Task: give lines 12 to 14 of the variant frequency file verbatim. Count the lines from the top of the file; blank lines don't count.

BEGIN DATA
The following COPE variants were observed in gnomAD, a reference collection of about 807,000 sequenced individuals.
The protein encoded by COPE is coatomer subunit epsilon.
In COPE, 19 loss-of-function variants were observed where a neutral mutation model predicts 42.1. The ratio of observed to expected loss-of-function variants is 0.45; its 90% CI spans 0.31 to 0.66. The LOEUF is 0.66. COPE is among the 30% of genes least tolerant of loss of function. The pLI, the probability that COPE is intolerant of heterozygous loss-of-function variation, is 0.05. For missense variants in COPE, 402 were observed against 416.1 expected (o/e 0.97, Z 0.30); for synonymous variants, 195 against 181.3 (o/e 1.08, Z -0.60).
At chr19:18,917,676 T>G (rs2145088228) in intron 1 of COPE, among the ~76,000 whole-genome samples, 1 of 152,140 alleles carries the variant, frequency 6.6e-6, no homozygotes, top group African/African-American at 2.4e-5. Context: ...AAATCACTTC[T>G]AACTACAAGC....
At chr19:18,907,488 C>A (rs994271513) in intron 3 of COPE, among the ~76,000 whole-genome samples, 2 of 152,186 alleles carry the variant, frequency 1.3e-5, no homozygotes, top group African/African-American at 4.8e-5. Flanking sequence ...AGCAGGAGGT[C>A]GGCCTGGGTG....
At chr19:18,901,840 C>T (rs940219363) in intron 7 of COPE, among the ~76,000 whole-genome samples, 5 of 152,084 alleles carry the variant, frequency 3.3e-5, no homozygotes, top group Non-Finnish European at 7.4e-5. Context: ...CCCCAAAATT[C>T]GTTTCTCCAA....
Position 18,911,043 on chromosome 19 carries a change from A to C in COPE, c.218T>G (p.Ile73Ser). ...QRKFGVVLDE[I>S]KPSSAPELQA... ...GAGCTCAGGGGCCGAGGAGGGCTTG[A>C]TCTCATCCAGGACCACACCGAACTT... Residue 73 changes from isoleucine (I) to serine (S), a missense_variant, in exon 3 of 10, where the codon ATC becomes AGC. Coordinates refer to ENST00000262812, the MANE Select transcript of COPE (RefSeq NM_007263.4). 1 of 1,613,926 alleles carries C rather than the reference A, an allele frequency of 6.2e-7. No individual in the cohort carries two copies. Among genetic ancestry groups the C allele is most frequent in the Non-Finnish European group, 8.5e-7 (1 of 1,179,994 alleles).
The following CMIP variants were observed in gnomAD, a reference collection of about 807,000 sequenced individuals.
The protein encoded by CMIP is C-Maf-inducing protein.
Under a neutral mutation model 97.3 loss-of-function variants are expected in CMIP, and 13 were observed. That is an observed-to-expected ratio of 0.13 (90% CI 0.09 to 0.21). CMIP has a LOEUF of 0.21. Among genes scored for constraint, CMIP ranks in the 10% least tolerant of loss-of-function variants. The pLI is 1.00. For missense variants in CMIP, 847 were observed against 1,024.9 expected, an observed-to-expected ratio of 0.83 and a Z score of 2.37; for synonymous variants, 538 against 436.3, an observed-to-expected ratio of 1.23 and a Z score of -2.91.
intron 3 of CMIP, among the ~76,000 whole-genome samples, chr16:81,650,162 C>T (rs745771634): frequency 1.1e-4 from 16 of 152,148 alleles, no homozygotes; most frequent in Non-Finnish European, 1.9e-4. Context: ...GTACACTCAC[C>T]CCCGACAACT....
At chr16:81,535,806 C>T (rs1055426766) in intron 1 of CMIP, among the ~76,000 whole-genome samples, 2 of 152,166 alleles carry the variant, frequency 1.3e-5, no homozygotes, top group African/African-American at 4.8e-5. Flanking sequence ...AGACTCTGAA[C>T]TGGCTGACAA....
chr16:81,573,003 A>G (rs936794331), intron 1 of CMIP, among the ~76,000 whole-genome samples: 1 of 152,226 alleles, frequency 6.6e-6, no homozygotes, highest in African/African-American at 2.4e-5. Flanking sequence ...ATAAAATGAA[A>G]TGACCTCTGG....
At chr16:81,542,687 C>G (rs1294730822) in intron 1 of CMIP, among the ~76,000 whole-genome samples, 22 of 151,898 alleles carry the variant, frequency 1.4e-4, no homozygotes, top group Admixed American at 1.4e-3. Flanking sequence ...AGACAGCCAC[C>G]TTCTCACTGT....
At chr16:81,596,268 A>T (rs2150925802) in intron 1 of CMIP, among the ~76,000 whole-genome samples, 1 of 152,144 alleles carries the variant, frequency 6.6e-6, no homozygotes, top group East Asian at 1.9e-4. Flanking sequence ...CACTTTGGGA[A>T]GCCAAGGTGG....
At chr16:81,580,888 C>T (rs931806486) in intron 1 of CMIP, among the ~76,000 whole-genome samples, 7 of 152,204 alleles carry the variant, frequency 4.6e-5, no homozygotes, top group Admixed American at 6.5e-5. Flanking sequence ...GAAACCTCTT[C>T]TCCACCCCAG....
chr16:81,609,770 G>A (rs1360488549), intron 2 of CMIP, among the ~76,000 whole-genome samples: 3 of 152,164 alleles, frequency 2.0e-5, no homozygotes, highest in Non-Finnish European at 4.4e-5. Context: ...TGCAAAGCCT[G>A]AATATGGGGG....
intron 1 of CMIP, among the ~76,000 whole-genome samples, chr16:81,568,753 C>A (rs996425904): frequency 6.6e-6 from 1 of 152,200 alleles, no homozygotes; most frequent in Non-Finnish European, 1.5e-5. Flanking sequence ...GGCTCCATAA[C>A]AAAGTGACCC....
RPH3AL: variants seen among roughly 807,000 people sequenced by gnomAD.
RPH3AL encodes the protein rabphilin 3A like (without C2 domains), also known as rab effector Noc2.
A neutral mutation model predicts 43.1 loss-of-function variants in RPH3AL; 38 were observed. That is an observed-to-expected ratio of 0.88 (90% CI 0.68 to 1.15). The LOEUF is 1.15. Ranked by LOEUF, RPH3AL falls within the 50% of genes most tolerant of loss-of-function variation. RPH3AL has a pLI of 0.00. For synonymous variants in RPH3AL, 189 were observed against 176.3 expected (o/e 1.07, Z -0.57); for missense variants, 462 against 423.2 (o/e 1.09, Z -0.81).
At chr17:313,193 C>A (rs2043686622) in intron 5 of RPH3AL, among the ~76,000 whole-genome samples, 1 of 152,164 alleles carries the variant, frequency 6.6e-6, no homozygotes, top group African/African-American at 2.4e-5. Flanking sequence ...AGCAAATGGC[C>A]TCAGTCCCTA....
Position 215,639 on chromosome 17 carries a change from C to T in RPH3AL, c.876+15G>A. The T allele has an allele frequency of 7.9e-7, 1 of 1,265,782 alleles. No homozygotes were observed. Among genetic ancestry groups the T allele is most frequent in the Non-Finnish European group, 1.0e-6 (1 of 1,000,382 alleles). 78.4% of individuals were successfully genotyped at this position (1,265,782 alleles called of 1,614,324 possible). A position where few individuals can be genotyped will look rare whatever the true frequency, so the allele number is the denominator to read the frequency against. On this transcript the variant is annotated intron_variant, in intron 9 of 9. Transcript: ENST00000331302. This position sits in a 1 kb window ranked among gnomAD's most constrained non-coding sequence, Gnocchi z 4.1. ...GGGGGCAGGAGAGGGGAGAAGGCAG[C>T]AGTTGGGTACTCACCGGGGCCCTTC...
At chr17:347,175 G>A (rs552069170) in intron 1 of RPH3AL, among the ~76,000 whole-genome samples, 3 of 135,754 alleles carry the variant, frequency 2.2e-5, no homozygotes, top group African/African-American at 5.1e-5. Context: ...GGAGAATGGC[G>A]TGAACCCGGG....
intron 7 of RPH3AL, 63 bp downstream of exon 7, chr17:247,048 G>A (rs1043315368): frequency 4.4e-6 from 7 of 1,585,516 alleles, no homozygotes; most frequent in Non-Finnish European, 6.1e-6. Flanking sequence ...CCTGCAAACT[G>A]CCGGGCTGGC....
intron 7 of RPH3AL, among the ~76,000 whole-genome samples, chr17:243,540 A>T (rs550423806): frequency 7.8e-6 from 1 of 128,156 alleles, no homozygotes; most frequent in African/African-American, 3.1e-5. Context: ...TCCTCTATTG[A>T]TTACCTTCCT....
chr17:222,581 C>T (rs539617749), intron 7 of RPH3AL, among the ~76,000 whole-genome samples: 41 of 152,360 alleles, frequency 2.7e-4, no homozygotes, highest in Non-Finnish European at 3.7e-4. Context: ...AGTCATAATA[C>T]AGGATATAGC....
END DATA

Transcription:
At chr16:81,535,806 C>T (rs1055426766) in intron 1 of CMIP, among the ~76,000 whole-genome samples, 2 of 152,166 alleles carry the variant, frequency 1.3e-5, no homozygotes, top group African/African-American at 4.8e-5. Flanking sequence ...AGACTCTGAA[C>T]TGGCTGACAA....
chr16:81,573,003 A>G (rs936794331), intron 1 of CMIP, among the ~76,000 whole-genome samples: 1 of 152,226 alleles, frequency 6.6e-6, no homozygotes, highest in African/African-American at 2.4e-5. Flanking sequence ...ATAAAATGAA[A>G]TGACCTCTGG....
At chr16:81,542,687 C>G (rs1294730822) in intron 1 of CMIP, among the ~76,000 whole-genome samples, 22 of 151,898 alleles carry the variant, frequency 1.4e-4, no homozygotes, top group Admixed American at 1.4e-3. Flanking sequence ...AGACAGCCAC[C>G]TTCTCACTGT....